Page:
About the author

Gabrielle Wang

Gabrielle Wang is an author and illustrator, and the Australian Children's Laureate for 2022 to 2023. Born in Melbourne of Chinese heritage, her maternal great-grandfather came to Victoria during the Gold Rush and her father was from Shanghai. Her stories are a blend of Chinese and Western culture with a touch of fantasy.
Gabrielle’s first children’s novel, The Garden of Empress Cassia, won the 2002 Aurealis Award, was shortlisted for the Queensland Premier's Literary Awards and was a CBCA Notable Book. The Pearl of Tiger Bay was shortlisted for the 2004 Aurealis Award and The Lion Drummer was a Notable Book in the 2009 CBCA Book of the Year Awards. A Ghost in My Suitcase won the 2009 Aurealis Award, was a CBC Notable Book, was shortlisted for the 2011 Sakura Medal and received a Highly Commended in the 2010 Prime Minister's Literary Awards. Her first young adult novel, Little Paradise also received a Highly Commended in the 2011 Prime Minister's Awards. Gabrielle's picture book The Race for the Chinese Zodiac (2010) illustrated by Sally Rippin and Regine Abos was a Notable Book in the CBCA Awards for 2011 and shortlisted for the 2011 YABBA and WAYBRA awards. Gabrielle has created two popular characters Poppy and Pearlie for the highly successful 2011 Our Australian Girl series.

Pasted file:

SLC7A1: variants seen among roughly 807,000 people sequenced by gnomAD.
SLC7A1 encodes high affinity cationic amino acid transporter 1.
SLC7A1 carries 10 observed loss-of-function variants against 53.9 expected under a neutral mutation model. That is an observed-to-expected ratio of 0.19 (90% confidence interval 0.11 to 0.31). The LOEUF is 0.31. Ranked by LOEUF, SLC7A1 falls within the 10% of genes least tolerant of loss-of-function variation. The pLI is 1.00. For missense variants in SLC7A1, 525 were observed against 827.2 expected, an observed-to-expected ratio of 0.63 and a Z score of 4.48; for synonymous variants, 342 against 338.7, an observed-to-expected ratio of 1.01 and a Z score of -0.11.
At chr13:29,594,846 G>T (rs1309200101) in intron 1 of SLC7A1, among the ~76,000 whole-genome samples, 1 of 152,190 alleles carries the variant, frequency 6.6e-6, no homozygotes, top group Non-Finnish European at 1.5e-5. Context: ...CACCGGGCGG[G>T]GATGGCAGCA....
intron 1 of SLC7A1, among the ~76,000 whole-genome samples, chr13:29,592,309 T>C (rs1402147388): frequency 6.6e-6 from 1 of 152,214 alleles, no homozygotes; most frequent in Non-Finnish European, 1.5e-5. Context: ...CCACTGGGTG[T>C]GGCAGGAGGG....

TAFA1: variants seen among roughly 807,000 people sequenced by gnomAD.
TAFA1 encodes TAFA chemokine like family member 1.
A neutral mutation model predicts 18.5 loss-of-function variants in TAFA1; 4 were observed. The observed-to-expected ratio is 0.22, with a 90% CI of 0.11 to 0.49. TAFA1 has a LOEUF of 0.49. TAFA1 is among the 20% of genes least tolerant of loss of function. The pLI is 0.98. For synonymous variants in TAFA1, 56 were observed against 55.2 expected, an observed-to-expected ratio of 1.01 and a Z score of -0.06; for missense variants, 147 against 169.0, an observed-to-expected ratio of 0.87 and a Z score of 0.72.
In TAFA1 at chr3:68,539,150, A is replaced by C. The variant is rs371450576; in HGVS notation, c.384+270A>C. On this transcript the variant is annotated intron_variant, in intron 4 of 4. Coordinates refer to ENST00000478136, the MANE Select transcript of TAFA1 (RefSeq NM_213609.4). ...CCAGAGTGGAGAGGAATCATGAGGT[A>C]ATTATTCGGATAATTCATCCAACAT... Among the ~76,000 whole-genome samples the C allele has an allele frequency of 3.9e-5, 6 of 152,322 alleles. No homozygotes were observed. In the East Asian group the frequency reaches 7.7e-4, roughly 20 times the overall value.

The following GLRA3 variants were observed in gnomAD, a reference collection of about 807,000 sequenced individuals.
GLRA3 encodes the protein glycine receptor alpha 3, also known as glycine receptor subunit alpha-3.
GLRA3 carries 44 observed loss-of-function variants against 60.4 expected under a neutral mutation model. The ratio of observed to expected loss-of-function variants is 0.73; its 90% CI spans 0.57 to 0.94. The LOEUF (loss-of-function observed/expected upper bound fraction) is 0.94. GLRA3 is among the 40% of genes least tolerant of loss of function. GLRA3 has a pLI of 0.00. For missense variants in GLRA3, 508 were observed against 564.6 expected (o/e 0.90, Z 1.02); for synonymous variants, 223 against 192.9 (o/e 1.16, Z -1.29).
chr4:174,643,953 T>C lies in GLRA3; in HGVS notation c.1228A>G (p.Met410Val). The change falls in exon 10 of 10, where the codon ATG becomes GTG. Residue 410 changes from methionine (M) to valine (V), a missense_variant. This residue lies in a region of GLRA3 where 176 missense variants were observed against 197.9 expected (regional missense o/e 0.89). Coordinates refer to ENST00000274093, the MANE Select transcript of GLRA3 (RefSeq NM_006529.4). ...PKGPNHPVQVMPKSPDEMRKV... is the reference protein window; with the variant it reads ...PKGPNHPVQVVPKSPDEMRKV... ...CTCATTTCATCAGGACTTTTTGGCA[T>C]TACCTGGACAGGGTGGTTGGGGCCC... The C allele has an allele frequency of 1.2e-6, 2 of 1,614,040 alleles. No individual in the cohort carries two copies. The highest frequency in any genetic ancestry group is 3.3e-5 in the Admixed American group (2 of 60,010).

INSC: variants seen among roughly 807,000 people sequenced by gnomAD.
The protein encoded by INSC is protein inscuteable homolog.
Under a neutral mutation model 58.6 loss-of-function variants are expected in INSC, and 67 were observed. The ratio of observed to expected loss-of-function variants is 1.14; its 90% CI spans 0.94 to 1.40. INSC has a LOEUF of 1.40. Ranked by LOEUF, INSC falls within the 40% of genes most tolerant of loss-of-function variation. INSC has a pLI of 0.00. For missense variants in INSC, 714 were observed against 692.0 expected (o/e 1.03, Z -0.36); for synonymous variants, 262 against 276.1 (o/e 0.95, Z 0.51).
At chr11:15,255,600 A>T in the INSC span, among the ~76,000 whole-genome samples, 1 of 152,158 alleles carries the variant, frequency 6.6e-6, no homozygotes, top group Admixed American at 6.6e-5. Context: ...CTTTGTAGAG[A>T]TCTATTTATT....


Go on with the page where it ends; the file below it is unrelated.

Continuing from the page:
The Wishbird was a CBCA 2014 Notable Book and was shortlisted for the 2014 Australian Book Design Awards, Yabba Awards, Kroc Awards, Koala Awards, Cool Awards and Crystal Kite Award.
Gabi’s books also include the suspenseful The Beast of Hushing Wood for middle readers, and a sequel to the award-winning A Ghost in My Suitcase, called Ting Ting the Ghosthunter. Zadie Ma and the Dog Who Chased the Moon is her most recent novel.

Also by Gabrielle Wang